Even now, 40 years later, the death of Jerry Litton can still jolt you — even those of us who never knew him.
Litton was the Missouri congressman from Chilicothe who won the 1976 Democratic nomination for the U.S. Senate going away. That night, he stepped aboard a twin-engine Beechcraft Baron at the Chillicothe Municipal Airport to head to a victory party in Kansas City.
A crankshaft shattered followed takeoff. The left engine failed. The plane dropped like a stone, killing the congressman, his wife, two children and the pilot who was flying with his son seated next to him in the cockpit.
An unspeakable tragedy it was — perhaps for all of us. A lot of people, including Litton himself, believed the one-time cattleman was headed to the White House.
“He was on a path to fulfill his dream,” says Kristi Wyatt, a former top aide to Litton who now works at the Greater Kansas City Chamber of Commerce.
Litton, who was 39 when he died, was an LBJ-like whirling dervish of a human being, prone to 24-hour workdays — I’ve got witnesses — and stopping by bowling alleys at 1 a.m. just to shake a few hands.
On Capitol Hill, Litton’s office was often open so late into the evening that security guards thought he employed two shifts of staffers.
Litton didn’t just walk into a room. He bolted through the door. Small talk? Not for Jerry. He had work to do, notes to write, and that’s what he was about all the time.
“It was tough to keep up with him,” recalled Steve Jacques, who was 21 when he traveled with the congressman during that fateful summer of 1976. “He said a couple of times during the campaign, ‘If you’re eating or sleeping, you’re wasting time.’ ”
A conservative Democrat with a powerful intellect, Litton had something else going for him. He was one of the first multimedia communicators who used radio and a popular TV show — “Dialogue with Litton” — to propel himself into the Missouri consciousness.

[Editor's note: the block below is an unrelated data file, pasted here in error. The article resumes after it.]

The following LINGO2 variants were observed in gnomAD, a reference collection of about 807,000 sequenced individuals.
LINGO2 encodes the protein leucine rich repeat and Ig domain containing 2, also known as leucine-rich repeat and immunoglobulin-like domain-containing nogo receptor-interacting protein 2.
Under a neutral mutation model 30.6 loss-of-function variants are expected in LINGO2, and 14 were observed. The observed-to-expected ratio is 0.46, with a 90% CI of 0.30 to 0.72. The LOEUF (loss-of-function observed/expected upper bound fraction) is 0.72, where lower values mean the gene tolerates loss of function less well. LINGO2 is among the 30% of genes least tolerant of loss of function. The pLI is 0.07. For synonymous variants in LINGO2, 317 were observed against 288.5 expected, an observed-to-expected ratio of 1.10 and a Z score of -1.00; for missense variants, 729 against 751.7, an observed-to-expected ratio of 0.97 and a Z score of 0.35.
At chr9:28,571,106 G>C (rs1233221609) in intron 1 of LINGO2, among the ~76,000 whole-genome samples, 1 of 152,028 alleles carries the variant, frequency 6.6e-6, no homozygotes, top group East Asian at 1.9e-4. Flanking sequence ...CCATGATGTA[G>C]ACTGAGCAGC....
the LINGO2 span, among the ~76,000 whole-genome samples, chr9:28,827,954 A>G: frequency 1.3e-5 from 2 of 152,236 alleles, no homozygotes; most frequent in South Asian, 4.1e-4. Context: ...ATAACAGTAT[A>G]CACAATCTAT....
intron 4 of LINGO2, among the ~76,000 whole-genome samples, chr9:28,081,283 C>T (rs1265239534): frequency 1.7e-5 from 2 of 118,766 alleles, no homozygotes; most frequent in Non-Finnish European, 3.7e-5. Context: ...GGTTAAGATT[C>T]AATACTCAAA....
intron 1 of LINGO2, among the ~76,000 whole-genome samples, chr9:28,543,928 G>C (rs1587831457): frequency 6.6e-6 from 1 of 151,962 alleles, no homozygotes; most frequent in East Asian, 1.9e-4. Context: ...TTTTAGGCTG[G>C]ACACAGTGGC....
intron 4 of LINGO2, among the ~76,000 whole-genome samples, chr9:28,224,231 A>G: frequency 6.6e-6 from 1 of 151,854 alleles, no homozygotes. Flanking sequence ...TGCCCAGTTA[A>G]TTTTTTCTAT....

It wasn’t boring, either. Kansas City Public Television ran a feature on Litton a while back that featured snippets from his conversations with some of the leading politicians of the day. They were entertaining because Litton was so fast on the draw.
In a conversation with then-presidential contender Jimmy Carter, Litton bemoaned the proliferation of federal agencies.
Yes, Carter noted, Congress created 84 just last year.
“It was an off-year,” Litton cracked.
Another time, Hubert Humphrey was talking about the popularity of a farm bill. “We had 100 congressmen at the head table that day,” Litton replied. “I haven’t seen that many congressmen together since the pay-raise vote.”
The TV shows were taped before a live audience with 1,200 of his constituents. They were shot with three cameras, immediately edited, then sent to TV stations across the state.
“His communication skills were beyond anybody else’s at the time,” Jacques recalled.
Litton won a seat in Congress in 1972. Just four years later, he was ready for a Senate run and launched the campaign that wound up taking his life. Early on, Litton’s name ID was said to be in the single digits.
That turned around quickly. In the race to succeed retiring Sen. Stuart Symington, Litton topped Symington’s son, Jim Symington, former Gov. Warren Hearnes and even a Kansas City mayor at the time, Charles Wheeler. Litton won with 45 percent to 26 percent for the second-place Hearnes.
After his death, Hearnes became the Democratic nominee and lost to Republican Jack Danforth in November in a race that began Danforth’s march to the top ranks of American politics.
But Litton loyalists insist Danforth would not have won that race if the congressman had lived.
“Throughout my life, (working for Litton) has been the credential that has mattered more than anything else,” Wyatt told me. “He was like the Good Housekeeping seal of approval. If you could make it with him, with his standards and his bar,” you could work for anybody.
Wyatt was the last person to speak to Litton before he boarded the Beechcraft that night, and she still recalls the conversation. Speaking on the phone from Kansas City, Wyatt ran down voting totals from targeted counties across the state.
“I’ll never forget what he said,” Wyatt recalled. “ ‘Damn, we’re just not going to win, we’re going to win big. See you in half an hour.’ ”